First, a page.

Again, Christian experience reminds us constantly of the importance of faith and hope toward that which we do not fully understand. It summons us to trust in a God Whose thoughts and ways are not as ours, and who is never fully understood: as the Latin proverb profoundly puts it, “Deus cognitus deus nulhis.” This is not at all to say, that the voice of Russia is the voice of God—even if some Americans do act as if it were: it only says that complete understanding and agreement are never necessary to confidence and cooperation. But even though our ground of faith in the God and Father of our Lord Jesus Christ rests upon a wisdom and character in Him which we and all our fellow-men are far from possessing, Christianity bids us be always ready to meet our neighbors more than half-way, even when we can neither fully understand nor agree with them. The promise of peace on earth, as every Christmas reminds us, is to men of good will. Doubtless we cannot expect nations as such, including our own (among all of whom Christian faith in any vital sense is always in a minority), to adopt toward other nations the forgiving and trustful attitude enjoined by the New Testament on individual Christians: but we Christians can remind our fellow-citizens in and out of season, that the hope of peace and progress for our children lies along the road of conference and cooperation rather than of conflict, and that we must always be ready to take the first steps.

Finally, our Christian faith puts its trust in a God Who works in human history in ways and for ends far out beyond our comprehension—but in line with the purposes of Christ. If we and our allies have been the rod of judgment in the divine hand upon some of the most ruthless oppression and cruelty in human history, that is not because of our worthiness or because of any future freedom of ours from chastisement for the sins which do so easily beset us. Second Isaiah heard the voice of the Lord saying to the pagan Cyrus, “I will gird thee, though thou hast not known me.” Humbly we must always keep in mind that a similar role, both as instrument of the divine purposes and as object of the divine judgment, may fall to nations in our own time who seem to us self-seeking, aggressive, or irreligious. God’s times and seasons, like His thoughts and ways, are not as ours. Nations as well as individuals must walk through dark nights and long winters by faith and not by sight—remembering that this holds across the generations into our children’s unpredictable time, even more than into the unknown years of our own personal future.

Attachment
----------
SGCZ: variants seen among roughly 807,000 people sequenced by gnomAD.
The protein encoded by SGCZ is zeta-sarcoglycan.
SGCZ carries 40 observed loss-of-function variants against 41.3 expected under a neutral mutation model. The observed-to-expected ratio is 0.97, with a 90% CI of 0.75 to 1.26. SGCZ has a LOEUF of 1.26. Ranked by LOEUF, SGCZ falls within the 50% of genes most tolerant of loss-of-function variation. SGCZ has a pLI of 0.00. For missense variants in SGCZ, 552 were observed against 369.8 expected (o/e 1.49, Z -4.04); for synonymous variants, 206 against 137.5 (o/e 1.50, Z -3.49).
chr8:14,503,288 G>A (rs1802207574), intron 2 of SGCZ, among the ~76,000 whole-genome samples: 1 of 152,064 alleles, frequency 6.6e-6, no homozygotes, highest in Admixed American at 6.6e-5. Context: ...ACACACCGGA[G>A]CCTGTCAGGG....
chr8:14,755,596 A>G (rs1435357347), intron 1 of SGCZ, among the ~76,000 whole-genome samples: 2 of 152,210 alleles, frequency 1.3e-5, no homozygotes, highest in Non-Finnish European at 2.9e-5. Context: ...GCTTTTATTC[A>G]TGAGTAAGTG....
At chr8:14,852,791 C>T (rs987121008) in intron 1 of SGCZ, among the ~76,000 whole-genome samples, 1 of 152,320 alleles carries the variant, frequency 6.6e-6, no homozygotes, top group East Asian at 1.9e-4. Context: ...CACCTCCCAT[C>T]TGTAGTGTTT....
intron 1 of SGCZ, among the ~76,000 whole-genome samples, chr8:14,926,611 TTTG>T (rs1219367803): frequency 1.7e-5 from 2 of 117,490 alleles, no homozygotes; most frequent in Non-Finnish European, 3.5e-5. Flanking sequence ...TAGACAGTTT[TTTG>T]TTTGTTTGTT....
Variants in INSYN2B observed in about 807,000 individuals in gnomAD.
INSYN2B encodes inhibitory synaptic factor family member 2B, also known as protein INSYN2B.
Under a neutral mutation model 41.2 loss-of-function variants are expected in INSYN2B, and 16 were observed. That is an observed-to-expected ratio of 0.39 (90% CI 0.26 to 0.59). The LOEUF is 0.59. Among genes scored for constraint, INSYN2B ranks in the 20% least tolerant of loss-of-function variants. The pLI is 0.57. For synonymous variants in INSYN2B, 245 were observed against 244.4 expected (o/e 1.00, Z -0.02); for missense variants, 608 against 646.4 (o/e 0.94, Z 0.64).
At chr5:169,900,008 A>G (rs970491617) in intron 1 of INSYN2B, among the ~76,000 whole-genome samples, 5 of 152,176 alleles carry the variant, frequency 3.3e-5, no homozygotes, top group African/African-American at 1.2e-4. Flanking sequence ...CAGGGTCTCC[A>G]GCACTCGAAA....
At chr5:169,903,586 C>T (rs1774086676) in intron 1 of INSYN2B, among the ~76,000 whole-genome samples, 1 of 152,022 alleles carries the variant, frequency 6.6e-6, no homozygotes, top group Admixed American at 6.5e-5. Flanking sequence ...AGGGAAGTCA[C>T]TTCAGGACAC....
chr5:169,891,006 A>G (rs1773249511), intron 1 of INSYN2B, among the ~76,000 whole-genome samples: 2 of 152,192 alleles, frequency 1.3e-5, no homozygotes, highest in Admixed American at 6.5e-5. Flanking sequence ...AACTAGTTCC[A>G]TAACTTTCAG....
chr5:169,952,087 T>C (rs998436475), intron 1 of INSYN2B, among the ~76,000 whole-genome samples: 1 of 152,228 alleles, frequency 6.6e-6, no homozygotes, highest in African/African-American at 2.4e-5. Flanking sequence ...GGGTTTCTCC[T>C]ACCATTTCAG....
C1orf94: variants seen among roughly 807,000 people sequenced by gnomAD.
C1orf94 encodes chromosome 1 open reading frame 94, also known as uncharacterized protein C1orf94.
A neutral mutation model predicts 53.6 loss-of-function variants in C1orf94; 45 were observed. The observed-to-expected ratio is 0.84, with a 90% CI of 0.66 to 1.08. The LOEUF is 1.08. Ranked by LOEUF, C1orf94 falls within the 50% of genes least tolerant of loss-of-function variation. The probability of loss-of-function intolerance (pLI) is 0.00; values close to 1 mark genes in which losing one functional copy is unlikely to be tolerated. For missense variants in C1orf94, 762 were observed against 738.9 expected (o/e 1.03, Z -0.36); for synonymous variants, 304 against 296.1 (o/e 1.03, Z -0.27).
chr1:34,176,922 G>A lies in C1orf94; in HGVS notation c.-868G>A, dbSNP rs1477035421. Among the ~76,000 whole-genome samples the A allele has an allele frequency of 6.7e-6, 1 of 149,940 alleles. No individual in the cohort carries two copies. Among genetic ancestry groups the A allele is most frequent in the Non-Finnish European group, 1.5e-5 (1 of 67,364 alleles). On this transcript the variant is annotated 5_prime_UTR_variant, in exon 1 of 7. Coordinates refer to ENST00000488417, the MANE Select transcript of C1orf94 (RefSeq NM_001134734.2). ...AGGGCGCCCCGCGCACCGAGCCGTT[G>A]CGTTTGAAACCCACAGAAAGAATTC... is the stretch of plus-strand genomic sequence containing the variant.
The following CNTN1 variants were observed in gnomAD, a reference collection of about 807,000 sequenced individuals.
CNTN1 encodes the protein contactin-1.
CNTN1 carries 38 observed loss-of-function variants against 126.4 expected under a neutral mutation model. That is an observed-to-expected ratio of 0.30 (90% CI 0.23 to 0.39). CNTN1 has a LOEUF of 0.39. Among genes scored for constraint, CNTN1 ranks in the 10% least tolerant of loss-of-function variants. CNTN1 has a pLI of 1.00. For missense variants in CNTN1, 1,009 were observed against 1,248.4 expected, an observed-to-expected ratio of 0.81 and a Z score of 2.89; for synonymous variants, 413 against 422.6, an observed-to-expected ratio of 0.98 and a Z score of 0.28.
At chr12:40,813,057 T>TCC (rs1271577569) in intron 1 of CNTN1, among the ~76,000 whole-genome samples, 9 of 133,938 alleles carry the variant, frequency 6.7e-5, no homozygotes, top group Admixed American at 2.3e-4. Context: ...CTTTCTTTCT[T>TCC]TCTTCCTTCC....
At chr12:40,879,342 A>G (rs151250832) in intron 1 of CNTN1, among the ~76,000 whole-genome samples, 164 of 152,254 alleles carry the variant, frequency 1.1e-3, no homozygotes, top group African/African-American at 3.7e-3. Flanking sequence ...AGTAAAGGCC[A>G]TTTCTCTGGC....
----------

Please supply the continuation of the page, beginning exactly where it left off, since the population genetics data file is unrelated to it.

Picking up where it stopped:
Charles W. Gilkey (1882–1968) earned his bachelor’s and master’s from Harvard in 1903 and 1904, followed by a doctorate from Union Theological Seminary in 1908 and further studies at Universities of Berlin and Marburg (1908–09), United Free DH College Glasgow (1909–10), New College Edinburgh, and Oxford University (1909–10). He also received honorary doctorates from Williams College (1925), Hillsdale College (1925), Yale University (1927), Brown University (1928), Harvard University (1929). and Colby College (1931). In 1910 the Hyde Park Baptist Church ordained Gilkey as their pastor and he remained there for 18 years. Gilkey acted as a trustee of the University of Chicago from 1919–29. In 1928 he accepted the position of dean of the university’s Rockefeller Memorial Chapel, which he would hold until 1947. He also served as the associate dean of the Divinity School and represented the University in the position of the professor of preaching of the University of Chicago Divinity School at Princeton, Yale, Cornell, Chicago, Toronto, Wellesley, Stanford, Purdue, Harvard, Wellesley, and the University of Washington. The University of Chicago also appointed Gilkey as the Barrows Lecturer to India (1924–25). He retired in June 1947.

“Editorial Note,” by Reinhold Niebuhr
September 16, 1946